B was added to component A and the polyurethane system
was mixed using a mechanical stirrer for 10 s. After this
time, the mixture was poured into an open mould where
free foaming occurred in the vertical direction.
Study of apparent density
The apparent density was determined according to PN-EN
ISO 845 standard. From the obtained material, a
rectangular prism of 200 9 200 9 25 mm3 was cut, which was
measured to an accuracy of 0.01 mm, and then weighed
with accuracy 0.01 g.
Content of phosphorus/mass%
PU PIBP PUPOSS PIBP Density 0.75 0.25 0.5
Content of phosphorus/mass% 0.75
Content of phosphorus/mass%
P1 P2 R/Ad P1/Ad
Heat conduction coefficient research
The heat conduction coefficient was measured in
accordance with the PN-ISO 8301 standard using the Laser
Comp Heat Flow Instrument Fox 200, 24 h after the
material was obtained.
In this method, the value of the heat flux flowing
through the foam with the dimensions of
200 9 200 9 25 mm3 is determined. According to
Fourier’s law, if there is a temperature gradient along a given
axis in the material, a certain amount of heat per unit of
time flows through a unit of surface perpendicular to this
axis, at a fixed heat flow. To provide a temperature
gradient, the sample was placed in the apparatus between two
plates at appropriate temperatures of 0 and 20 C.
Compressive strength test
The compressive strength test was carried out in
accordance with the PN-EN ISO 844 standard, using a Zwick
Z005 TH Allround-Line device. The compressive stress
(being the ratio of the maximum compressive force to the
area of the cross-sectional area of the sample) at 10%
deformation of the sample in the direction parallel (R) and
Content of phosphorus/mass%
P1 P2 R/Ad P1/Ad
perpendicular (P1, P2) to the direction of foam growth was
Examination of the content of closed cells
The determination of the content of closed cells was made
on the basis of the PN-EN ISO 4590 standard using
apparatus for measuring the content of closed cells.
Material samples with dimensions 25 9 25 9 100 mm3
were subjected to testing.
Thermogravimetric analysis was performed using a
Netzsch TG 209 F1 Libra thermal analyser to determine the
thermal stability of the obtained foams modified by
PHIPOSS and two additive flame retardants. The samples
(sample mass ca. 5 mg) were heated in an open corundum
pan from 30 up to 800 C at a heating rate of 10 C min-1
under air atmosphere.
Microcalorimetry PCFC method
The analysis of the combustion process of flame retarded
rigid polyurethane foams was carried out using a pyrolysis–
combustion flow calorimeter (PCFC) manufactured by Fire
Testing Technology Ltd. During the measurements, it was
possible to register the amount of heat emitted (HRR), the
rate of heat release by foam materials and the flash point.
The samples tested had masses ranging from 1 to 3 mg.
Results and discussion
In the first stage of the research, an analysis of the impact
of the used flame retardants and PHI-POSS on the thermal
insulation properties and apparent density was carried out.
Rigid polyurethane foams containing PHI-POSS and flame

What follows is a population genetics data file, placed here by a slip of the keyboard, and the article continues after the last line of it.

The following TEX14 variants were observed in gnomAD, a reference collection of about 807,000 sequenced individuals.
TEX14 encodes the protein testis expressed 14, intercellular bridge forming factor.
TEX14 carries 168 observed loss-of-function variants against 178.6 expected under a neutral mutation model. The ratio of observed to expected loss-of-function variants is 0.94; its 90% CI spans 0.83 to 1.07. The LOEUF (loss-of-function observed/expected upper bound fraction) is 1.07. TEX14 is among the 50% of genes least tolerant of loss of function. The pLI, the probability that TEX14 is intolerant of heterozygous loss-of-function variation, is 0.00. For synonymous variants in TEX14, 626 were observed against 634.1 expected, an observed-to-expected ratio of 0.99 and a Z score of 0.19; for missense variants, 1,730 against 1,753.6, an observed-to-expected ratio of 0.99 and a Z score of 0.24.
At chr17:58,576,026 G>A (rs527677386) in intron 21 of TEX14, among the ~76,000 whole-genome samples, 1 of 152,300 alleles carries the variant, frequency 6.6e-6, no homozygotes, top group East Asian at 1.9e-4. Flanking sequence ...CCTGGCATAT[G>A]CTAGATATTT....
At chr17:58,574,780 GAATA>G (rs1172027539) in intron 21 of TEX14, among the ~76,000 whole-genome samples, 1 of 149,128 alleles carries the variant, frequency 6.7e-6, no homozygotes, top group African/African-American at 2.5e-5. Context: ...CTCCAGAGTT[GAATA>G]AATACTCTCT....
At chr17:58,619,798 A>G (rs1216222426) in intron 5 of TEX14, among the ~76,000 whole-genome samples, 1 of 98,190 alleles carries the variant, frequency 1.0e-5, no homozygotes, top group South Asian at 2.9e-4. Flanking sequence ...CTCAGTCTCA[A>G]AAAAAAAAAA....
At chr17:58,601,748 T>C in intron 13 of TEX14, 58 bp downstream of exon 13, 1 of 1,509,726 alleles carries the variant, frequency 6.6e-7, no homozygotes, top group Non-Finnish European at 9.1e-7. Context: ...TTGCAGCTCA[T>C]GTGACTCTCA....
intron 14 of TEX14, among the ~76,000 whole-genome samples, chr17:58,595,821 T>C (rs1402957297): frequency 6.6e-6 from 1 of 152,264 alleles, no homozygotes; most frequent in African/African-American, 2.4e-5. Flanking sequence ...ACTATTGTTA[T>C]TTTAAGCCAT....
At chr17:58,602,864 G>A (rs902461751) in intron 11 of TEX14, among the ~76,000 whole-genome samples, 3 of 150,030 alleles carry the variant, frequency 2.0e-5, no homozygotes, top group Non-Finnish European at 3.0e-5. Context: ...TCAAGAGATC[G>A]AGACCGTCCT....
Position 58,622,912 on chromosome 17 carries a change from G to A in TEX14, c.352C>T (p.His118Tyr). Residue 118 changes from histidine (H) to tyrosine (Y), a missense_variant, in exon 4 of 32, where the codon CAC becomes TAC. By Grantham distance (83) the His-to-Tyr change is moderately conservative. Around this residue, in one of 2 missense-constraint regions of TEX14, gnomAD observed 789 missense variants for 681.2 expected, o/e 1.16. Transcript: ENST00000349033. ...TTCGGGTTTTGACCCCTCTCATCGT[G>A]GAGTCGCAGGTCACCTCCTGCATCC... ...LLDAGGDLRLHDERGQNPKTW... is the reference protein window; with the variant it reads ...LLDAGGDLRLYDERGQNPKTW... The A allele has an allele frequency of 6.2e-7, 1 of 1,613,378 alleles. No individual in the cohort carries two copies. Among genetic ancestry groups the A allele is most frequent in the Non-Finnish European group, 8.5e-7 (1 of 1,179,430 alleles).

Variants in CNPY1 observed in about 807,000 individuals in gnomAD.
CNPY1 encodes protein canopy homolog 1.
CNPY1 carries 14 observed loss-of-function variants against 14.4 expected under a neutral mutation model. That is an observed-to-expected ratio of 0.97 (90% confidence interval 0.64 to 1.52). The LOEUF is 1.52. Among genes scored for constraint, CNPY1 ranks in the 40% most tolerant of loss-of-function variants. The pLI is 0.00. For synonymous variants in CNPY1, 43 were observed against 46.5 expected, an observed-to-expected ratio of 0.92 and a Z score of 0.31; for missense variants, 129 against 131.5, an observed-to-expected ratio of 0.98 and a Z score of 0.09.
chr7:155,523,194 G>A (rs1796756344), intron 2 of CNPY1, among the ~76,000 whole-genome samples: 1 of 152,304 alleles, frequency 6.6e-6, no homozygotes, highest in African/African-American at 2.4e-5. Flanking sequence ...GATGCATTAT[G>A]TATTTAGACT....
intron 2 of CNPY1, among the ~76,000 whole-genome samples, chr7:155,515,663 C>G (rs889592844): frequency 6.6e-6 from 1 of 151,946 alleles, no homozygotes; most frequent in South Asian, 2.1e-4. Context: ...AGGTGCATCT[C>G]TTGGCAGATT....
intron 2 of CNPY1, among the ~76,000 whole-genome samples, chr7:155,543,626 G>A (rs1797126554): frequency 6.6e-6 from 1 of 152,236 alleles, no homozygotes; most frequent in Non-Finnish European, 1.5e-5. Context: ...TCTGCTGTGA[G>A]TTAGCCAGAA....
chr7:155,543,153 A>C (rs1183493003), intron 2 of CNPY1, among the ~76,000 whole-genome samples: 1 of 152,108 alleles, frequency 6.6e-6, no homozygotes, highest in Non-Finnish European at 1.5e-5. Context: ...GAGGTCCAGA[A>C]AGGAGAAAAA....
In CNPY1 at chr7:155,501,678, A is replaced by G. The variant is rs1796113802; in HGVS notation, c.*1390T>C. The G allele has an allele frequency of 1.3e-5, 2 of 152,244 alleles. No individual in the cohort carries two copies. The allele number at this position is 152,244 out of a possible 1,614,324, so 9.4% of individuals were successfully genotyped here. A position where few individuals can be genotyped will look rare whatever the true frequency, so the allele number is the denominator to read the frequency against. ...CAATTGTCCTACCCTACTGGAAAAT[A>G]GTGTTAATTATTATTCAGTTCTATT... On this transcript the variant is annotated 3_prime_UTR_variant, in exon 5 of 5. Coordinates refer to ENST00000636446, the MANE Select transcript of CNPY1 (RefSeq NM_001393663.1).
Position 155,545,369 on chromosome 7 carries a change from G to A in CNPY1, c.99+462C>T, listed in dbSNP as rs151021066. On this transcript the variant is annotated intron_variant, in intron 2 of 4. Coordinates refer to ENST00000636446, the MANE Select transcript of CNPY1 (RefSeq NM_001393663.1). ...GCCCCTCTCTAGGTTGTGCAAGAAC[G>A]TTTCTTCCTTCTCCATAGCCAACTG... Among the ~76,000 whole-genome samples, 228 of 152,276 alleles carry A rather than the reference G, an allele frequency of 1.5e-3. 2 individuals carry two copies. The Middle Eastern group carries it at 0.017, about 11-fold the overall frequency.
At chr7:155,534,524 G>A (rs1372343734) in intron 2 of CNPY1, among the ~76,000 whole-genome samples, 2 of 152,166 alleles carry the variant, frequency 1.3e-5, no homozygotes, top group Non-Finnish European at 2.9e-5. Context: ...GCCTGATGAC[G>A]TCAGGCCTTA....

retardant (PIBP) were characterized by a small increase in
the thermal conductivity coefficient in relation to materials
containing only the flame retardant PIBP for 0.5 and
0.75 mass% content of phosphorus, respectively (Fig. 1a).
The best thermal insulation properties of systems
containing PIBP as flame retardant had a system consisting of
PHI-POSS and 0.25 mass% phosphorus content, which
may be caused by the smallest apparent density of the
obtained material (Fig. 1a).
In the case of systems with PIPP as a flame retardant and
its mixture with PHI-POSS, similar dependencies as for
systems containing PIBP as flame retardant were observed.
Material comprising 0.25 mass% phosphorus and
PHIPOSS had the lowest thermal conductivity coefficient,
which is the result of the smallest apparent density of the
obtained material (Fig. 1b).
For all compositions, an increase in apparent densities
along with an increase in the amount of flame retardants
introduced was observed. However, the introduction of
PHI-POSS to rigid polyurethane foam systems resulted in
an increase in the density of obtained materials, which is
related to the increase in the viscosity of the initial
compositions (Fig. 1).
An important parameter determining the properties of
rigid polyurethane foams is the content of closed cells. All
the produced materials displayed value of this parameter of
over 90%. The highest content of closed cells was found
for materials containing only PIPP as flame retardant and a
mixture of PIBP and PHI-POSS (Fig. 2).
However, the closest to 90% value had a composition
based on the mixture of PIPP and PHI-POSS.
This effect may be caused by changing the initial
viscosity of systems and the use of POSS and flame retardants,
which may contribute to the opening of cells during the
Due to the anisotropic nature of the obtained materials,
compressive strength in the parallel and perpendicular
direction was measured.
For materials obtained with the use of PIBP as flame
retardant, an increase in compressive strength in the
parallel direction along with the increase in the FR content in
the system was observed. However, the compressive
strength in the perpendicular direction changed in such a
way that the lowest values had composition for the
0.5 mass% addition of FR (Fig. 3a).
For systems in which PHI-POSS was added, an increase
in mechanical parameters in each of the measured
directions along with the amount of FR introduced (Fig. 3b) was
found. Due to the changing apparent density of individual
compositions, profiles compensating the influence of
apparent density on this parameter have been presented
The addition of PHI-POSS to the rigid polyurethane
foam system resulted in an improved compressive strength,
especially in the direction perpendicular to the direction of
The introduction of the PIPP as flame retardant into the
composition of the rigid polyurethane foam affects the
deterioration of the mechanical properties in each
measured direction, which is particularly evident in the